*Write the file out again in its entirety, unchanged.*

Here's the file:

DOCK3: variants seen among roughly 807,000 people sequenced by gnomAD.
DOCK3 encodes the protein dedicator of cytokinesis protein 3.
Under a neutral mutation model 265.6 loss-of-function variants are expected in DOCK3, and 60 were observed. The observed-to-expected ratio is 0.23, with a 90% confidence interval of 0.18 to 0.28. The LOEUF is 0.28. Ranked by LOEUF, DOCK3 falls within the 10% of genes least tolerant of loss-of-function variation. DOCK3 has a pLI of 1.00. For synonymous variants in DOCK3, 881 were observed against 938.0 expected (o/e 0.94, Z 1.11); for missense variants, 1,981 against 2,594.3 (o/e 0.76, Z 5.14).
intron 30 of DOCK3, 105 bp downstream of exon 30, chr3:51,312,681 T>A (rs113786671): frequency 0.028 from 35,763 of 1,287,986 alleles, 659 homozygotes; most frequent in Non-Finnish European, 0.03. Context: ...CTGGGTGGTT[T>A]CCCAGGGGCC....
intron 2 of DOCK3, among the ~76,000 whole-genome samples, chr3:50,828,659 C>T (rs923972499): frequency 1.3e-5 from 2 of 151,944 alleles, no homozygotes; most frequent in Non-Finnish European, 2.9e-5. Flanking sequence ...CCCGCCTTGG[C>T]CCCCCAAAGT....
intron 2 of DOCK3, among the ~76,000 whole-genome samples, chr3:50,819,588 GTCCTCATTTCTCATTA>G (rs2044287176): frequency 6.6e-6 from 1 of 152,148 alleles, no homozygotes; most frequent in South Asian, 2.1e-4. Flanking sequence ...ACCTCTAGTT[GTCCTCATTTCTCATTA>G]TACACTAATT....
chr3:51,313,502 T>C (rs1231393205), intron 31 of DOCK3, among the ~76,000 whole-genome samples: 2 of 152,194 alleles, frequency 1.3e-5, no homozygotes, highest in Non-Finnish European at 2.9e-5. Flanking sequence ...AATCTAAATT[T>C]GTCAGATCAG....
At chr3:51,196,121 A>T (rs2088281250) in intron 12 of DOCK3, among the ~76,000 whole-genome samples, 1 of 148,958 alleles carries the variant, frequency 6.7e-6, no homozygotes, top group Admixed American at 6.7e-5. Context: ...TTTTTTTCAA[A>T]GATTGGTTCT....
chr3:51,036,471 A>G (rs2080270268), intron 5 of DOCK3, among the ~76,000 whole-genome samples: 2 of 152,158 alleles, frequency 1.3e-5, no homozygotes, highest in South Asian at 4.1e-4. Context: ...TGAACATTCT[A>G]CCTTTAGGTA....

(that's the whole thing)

DOCK3: variants seen among roughly 807,000 people sequenced by gnomAD.
DOCK3 encodes the protein dedicator of cytokinesis protein 3.
Under a neutral mutation model 265.6 loss-of-function variants are expected in DOCK3, and 60 were observed. The observed-to-expected ratio is 0.23, with a 90% confidence interval of 0.18 to 0.28. The LOEUF is 0.28. Ranked by LOEUF, DOCK3 falls within the 10% of genes least tolerant of loss-of-function variation. DOCK3 has a pLI of 1.00. For synonymous variants in DOCK3, 881 were observed against 938.0 expected (o/e 0.94, Z 1.11); for missense variants, 1,981 against 2,594.3 (o/e 0.76, Z 5.14).
intron 30 of DOCK3, 105 bp downstream of exon 30, chr3:51,312,681 T>A (rs113786671): frequency 0.028 from 35,763 of 1,287,986 alleles, 659 homozygotes; most frequent in Non-Finnish European, 0.03. Context: ...CTGGGTGGTT[T>A]CCCAGGGGCC....
intron 2 of DOCK3, among the ~76,000 whole-genome samples, chr3:50,828,659 C>T (rs923972499): frequency 1.3e-5 from 2 of 151,944 alleles, no homozygotes; most frequent in Non-Finnish European, 2.9e-5. Flanking sequence ...CCCGCCTTGG[C>T]CCCCCAAAGT....
intron 2 of DOCK3, among the ~76,000 whole-genome samples, chr3:50,819,588 GTCCTCATTTCTCATTA>G (rs2044287176): frequency 6.6e-6 from 1 of 152,148 alleles, no homozygotes; most frequent in South Asian, 2.1e-4. Flanking sequence ...ACCTCTAGTT[GTCCTCATTTCTCATTA>G]TACACTAATT....
chr3:51,313,502 T>C (rs1231393205), intron 31 of DOCK3, among the ~76,000 whole-genome samples: 2 of 152,194 alleles, frequency 1.3e-5, no homozygotes, highest in Non-Finnish European at 2.9e-5. Flanking sequence ...AATCTAAATT[T>C]GTCAGATCAG....
At chr3:51,196,121 A>T (rs2088281250) in intron 12 of DOCK3, among the ~76,000 whole-genome samples, 1 of 148,958 alleles carries the variant, frequency 6.7e-6, no homozygotes, top group Admixed American at 6.7e-5. Context: ...TTTTTTTCAA[A>T]GATTGGTTCT....
chr3:51,036,471 A>G (rs2080270268), intron 5 of DOCK3, among the ~76,000 whole-genome samples: 2 of 152,158 alleles, frequency 1.3e-5, no homozygotes, highest in South Asian at 4.1e-4. Context: ...TGAACATTCT[A>G]CCTTTAGGTA....